Yup, you read that right. No matter how many ads I run, I still screw up some little detail every now and again. Maybe This list will help you avoid my mistakes.
#5 COPY WITHOUT CHANGE
Back when we were running LOTS of solo ads and really building our list, I would create a great landing page for a particular offer. I would spend a lot of editing the text, testing the links, doing sample runs, etc.
BUT - since I spent so much time on it when we ran the same offer through multiple vendors, I would often copy the page to a new ClickMagic link for the new vendor WITHOUT going in and resetting the Ad Tracking, Campaign name, etc.
That makes tracking my results much more difficult and time-consuming and messes with the stats in the back office of whatever offer I was sent to.
#4 TRYING TO RE-INVENT THE WHEEL
I frequently fall victim to my own ego: I think I am pretty smart, and I think I have learned enough to think I am a good copywriter. Therefore, I would (will?) frequently try to 'outdo' the copy provided by the offer I was promoting.
This would lead to several problems:
Incongruency between my text and the offer
Swipe copy that is too detailed (sell the sizzle, not the sausage)
Swipe copy that is too long (keep it a short as a lady's skirt: long enough to cover the essentials, short enough to be interesting)
Swipe copy that doesn't convert as well as stock, wasting solo ad money
This isn't to say you shouldn't try to write your won swipe, but if you are marketing a big offer that has been around and they provide some, do not be afraid to model after it closed. Don't try to re-invent the wheel.
#3 NOT THINKING LIKE AN ADVERTISER
I like to help people. I want to see people succeed. This makes me a terrible advertiser because I try to get people what they NEED, not what they WANT.
Your swipe/subject lines need to hit on what people WANT. Nobody gets excited about buying a new ice scraper for their car, even though they need it. But if there was a product that promised to de-ice your windshield in 60 seconds or less, that is what customers would WANT.
#2 LETTING THE SOLO AD VENDOR WRITE IT FOR ME
Now hear me out, this one may cause some controversy.
Many solo ad vendors are good copywriters. A few are even great. They know their lists and what their customers respond to.
BUT, people are not buying your product; they are buying YOU. You must find a way to have your voice and personality in your copy. You must build that relationship (know-like-trust) in order to have long-term success.
If your ad vendor offers to write it for you, then maybe look at what they do - but make sure you get final approval before anything goes out. It is your money, and they work for you - you have the final say. Partner with them, leverage their experience, but stick to your guns about what you know you need.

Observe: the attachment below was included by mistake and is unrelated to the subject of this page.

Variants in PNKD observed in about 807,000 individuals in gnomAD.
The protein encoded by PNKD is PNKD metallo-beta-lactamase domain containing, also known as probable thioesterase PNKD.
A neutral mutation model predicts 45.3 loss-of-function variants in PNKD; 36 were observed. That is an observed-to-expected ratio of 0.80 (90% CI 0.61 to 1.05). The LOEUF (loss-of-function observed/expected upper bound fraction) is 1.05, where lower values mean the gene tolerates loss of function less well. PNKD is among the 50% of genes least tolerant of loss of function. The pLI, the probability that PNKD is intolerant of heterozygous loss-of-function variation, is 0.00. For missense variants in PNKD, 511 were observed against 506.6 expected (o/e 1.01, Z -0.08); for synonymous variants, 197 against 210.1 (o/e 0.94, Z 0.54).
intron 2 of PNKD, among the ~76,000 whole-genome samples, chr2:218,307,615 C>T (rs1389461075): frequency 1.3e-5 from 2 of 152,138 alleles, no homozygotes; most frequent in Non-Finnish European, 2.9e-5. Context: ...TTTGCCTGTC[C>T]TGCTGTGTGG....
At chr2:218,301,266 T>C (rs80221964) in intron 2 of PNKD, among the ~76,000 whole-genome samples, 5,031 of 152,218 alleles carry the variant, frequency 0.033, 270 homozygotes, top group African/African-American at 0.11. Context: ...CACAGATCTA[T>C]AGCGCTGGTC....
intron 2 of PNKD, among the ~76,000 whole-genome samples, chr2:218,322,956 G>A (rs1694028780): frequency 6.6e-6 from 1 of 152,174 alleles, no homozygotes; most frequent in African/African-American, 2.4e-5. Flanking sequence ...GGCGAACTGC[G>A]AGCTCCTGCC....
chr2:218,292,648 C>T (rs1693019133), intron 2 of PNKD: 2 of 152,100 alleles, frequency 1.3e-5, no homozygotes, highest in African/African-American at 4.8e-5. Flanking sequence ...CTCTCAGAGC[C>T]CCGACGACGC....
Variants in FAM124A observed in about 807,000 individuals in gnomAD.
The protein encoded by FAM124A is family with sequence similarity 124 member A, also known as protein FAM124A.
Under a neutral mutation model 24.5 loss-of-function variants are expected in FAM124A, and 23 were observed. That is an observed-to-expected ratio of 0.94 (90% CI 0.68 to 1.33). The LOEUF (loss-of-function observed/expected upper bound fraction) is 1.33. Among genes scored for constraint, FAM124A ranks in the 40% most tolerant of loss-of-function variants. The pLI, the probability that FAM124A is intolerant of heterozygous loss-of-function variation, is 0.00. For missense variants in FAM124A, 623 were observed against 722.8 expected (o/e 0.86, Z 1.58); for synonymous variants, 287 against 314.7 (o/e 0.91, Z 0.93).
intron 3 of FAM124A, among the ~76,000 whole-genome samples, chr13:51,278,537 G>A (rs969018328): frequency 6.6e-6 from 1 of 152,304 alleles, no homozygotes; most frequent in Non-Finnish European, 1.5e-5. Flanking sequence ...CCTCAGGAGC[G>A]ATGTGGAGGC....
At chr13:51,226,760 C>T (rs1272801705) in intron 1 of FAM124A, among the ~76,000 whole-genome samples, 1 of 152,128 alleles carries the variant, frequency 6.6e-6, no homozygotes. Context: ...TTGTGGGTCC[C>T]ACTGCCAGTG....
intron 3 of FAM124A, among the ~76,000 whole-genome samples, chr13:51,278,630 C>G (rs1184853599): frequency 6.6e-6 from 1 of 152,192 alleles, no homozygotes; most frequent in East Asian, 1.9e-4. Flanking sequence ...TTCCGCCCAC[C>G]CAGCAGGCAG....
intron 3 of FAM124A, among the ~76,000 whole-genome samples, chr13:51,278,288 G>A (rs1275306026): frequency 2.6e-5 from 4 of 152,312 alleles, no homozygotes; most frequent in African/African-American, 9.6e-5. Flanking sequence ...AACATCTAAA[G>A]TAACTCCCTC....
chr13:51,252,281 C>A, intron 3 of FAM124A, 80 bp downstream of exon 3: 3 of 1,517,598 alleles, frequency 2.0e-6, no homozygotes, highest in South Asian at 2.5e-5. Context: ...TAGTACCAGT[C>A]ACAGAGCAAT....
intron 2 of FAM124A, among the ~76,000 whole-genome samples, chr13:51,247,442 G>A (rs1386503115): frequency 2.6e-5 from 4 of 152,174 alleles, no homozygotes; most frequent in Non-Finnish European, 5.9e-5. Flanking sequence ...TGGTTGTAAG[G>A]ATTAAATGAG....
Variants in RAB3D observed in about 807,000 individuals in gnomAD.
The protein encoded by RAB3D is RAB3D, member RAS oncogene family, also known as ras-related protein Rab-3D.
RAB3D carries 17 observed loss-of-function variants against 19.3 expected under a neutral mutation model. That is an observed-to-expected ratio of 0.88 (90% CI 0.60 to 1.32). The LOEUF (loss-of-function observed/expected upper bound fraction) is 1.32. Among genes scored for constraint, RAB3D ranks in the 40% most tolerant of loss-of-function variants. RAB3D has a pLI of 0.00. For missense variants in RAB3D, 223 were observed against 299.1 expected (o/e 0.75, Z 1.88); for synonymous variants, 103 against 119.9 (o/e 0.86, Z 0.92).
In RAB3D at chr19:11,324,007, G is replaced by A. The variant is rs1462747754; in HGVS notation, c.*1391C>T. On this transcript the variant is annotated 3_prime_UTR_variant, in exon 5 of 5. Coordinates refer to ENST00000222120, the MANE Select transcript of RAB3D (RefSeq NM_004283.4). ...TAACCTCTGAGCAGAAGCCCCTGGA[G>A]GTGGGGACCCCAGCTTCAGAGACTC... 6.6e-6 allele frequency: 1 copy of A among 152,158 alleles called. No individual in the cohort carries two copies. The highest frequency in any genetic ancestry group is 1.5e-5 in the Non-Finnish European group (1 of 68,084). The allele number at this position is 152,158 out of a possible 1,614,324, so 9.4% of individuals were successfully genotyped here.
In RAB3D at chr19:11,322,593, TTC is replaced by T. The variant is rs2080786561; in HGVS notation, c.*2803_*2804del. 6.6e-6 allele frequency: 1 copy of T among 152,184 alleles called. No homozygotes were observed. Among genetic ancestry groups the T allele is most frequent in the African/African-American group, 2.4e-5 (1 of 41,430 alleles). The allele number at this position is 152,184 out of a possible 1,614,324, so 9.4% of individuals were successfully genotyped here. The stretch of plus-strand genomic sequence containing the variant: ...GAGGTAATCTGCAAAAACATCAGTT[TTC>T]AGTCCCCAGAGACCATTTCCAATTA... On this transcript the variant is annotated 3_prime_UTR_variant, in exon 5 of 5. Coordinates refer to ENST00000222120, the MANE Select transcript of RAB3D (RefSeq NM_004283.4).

#1 NOT CHECKING IF THE VENDOR HAS BEEN RUNNING MY OFFER LATELY
This one stung me a lot when I first got started, as we were repping a pretty popular company at the time. We used some 'recommended' vendors the company suggested - not realizing that so were the other 30,000+ affiliates that the company had. These vendors might have been great vendors but their lists had been bombarded not only with the same products but in many cases literally the same ad!
Don't be afraid to ask your vendor if they have run your offer recently. Ask them how many leads they add to their list weekly, and how frequently it 'turns over. If they have run your offer recently, then schedule with them, but have them start it in two weeks or so - give it some space from the last time their list saw it.
I hope this quickie article helps you avoid some of the mistakes I have made in regards to the Solo Ads.
Remember, learn from your mistakes - but learn from other people's mistakes first, if you can!
Good post but I beg to differ regarding #2. You, as client, are leveraging my lists to get people to take a look at your offer and add themselves to your own list if they feel like what you offer is worth it. That means that I know my lists and people expect me and not another Mr. So-and-so to get in touch with them because they are used to my style of writing and they don't want to be just hammered with yet another soulless hypey ad that's totally unrelated to what they are used to from me. I know what kind of headlines and swipes work for my lists to get as much engagement as possible and I think the wisest choice is to leave the sellers free to do their work the best way they can from A to Z. Once they are on your list it's up to you to use your own style and engage them with your own skills.